SCOTT FLETCHER HOLDS A PAIR OF SPRING CHINOOK CAUGHT OUT OF ICICLE CREEK EARLIER THIS YEAR. THE HATCHERY THAT REARED THEM AS SMOLTS IS THE SUBJECT OF A PENDING LAWSUIT. (DAIWA PHOTO CONTEST)

DAN RICE AND HIS 2014 SOUTH KING COUNTY-PSA DERBY-WINNING 20.85-POUND CHINOOK. (SKC-PSA)

$3,500 Top Prize At Aug. 1 South Sound Salmon Derby

Chinook fishing in Area 10 may have been scrubbed, but not the South King County Chapter-Puget Sound Anglers Salmon Derby!

The 14th annual running goes down Aug. 1 with Areas 11 and 13 still available for trying to land that $3,500 winning king.

DAN RICE AND HIS 2014 SOUTH KING COUNTY-PSA DERBY-WINNING 20.85-POUND CHINOOK. (SKC-PSA)

DAN RICE AND HIS 2014 SOUTH KING COUNTY-PSA DERBY-WINNING 20.85-POUND CHINOOK. (SKC-PSA)

This year’s derby features a new category, active military or veteran, with a payout of $500 for big fish.

Organizers add that top prizes for kids have also been upped to $300, $150 and $100, and all youngsters at the awards ceremony at Point Defiance Boathouse with a derby ticket will receive goodies.

Last year’s winning fish weighed 20.85 pounds, but in 2012, a 27 took top honors.

Tickets are $35 (under 13 free), and are available at Sportco, Outdoor Emporium, Auburn Sports and Marine, Sportsman’s Warehouse, Narrows Marina,  the boathouse and pugetsoundanglers.net.

A VIEW ACROSS PART OF THE SIMCOE MOUNTAINS OF EASTERN KLICKITAT COUNTY. (WASHINGTON RECREATION AND CONSERVATION OFFICE)

Simcoe, 4-O, Columbia River Ranch Buys, Other Projects Funded By State

Fish and wildlife habitat, river access, boat ramp and shooting range projects all scored grants coming out of Washington’s 2015 legislative session.

Though highly ranked acquisitions for critters and recreation had been axed by the state Senate‘s original Capital Budget, ultimately, funding was restored for ongoing buys, as well as the start of a big new one in a public-land-poor part of South-central Washington.

A total of $55 million was granted to the Washington Wildlife and Recreation Program, and according to the Recreation and Conservation Funding Board, which disburses the money, these projects received grants:

Asotin County

$4,000,000 million to buy 1,900 more acres of the 4-O Ranch above the Grande Ronde and upstream of Boggan’s Oasis

$324,500 to build a new boat ramp at Heller Bar on the Snake.

Clallam County

$371,969 to improve the Port Angeles Boat Haven ramp

Cowlitz County

$1.06 million to buy 549 acres between Merrill Lake and the Kalama River

$474,000 to renovate the Martin boat ramp and access near the mouth of the Lewis

$68,985 to build new and expand structures at the Cowlitz Shooting Range

Douglas County

$2,821,250 to buy 8,200 more acres of the Grand Coulee Ranch for habitat for rare grouse

A VIEW ACROSS PART OF THE COLUMBIA RIVER RANCH, WHICH WDFW BEGAN ACQUIRING FROM A WILLING SELLER LAST YEAR. (WDFW)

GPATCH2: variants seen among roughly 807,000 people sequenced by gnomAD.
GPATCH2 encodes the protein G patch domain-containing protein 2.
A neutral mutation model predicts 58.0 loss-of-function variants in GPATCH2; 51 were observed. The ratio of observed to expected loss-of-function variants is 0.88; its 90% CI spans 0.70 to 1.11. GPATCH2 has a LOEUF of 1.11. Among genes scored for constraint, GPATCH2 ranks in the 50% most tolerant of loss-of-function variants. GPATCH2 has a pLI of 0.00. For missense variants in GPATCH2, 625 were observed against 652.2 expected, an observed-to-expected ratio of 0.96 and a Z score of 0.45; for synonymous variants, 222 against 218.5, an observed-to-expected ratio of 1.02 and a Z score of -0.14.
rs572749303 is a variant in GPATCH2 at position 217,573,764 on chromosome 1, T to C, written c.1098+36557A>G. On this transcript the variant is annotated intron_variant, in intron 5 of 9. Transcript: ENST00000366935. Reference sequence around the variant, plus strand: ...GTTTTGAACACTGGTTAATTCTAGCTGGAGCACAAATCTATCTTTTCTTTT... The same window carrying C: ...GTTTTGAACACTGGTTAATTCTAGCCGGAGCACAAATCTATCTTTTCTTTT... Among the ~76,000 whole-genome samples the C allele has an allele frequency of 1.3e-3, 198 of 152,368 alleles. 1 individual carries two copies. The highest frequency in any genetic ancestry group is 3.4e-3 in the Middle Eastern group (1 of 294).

A VIEW ACROSS PART OF THE COLUMBIA RIVER RANCH, WHICH WDFW BEGAN ACQUIRING FROM A WILLING SELLER LAST YEAR. (WDFW)

Ferry County

$799,300 to buy 115 acres along the Kettle River and build a rough boat ramp

Grays Harbor County

$498,000 to improve the South Montesano boat ramp on the Chehalis River

Island County

$1,664,000 to improve and expand moorage at Cornet Bay

Jefferson County

$339,024 to expand Port Townsend’s Boat Haven ramp to a two-laner with float

King County

$16,803 to expand the sporting clays range at the Seattle Skeet and Trap Club

Kitsap County

$1,075,000 to renovate the 230-foot-long Port of Waterman fishing pier

Kittitas County

$1,700,000 to buy 370 acres along Taneum Creek, critical salmon and steelhead habitat

Klickitat County

$2,459,750 to buy the first 2,700 acres of a 22,000-acre parcel in the Simcoe Mountains

A VIEW ACROSS PART OF THE SIMCOE MOUNTAINS OF EASTERN KLICKITAT COUNTY. (WASHINGTON RECREATION AND CONSERVATION OFFICE)

A VIEW ACROSS PART OF THE SIMCOE MOUNTAINS OF EASTERN KLICKITAT COUNTY. (WASHINGTON RECREATION AND CONSERVATION OFFICE)

Okanogan County

$534,500 to log and burn parts of the Sinlahekin Wildlife Area to restore habitat

Pacific County

$875,000 to buy 564 acres and 2 miles of undeveloped shoreline in Willapa Bay for fish and bird habitat

$563,780 to add slips and a pump-out station and other fixes at the Tokeland Marina

Pierce County

$1,100,000 to buy over 1,000 acres along the Mashel River and Busy Wild Creek to conserve salmon and steelhead habitat

Spokane County

$474,000 to buy the old Chapman Lake Resort and secure access to one of far Eastern Washington’s few kokanee waters

Thurston County

$570,000 to improve the access site to Lake St. Clair, one of the state’s few channel catfish waters

Walla Walla County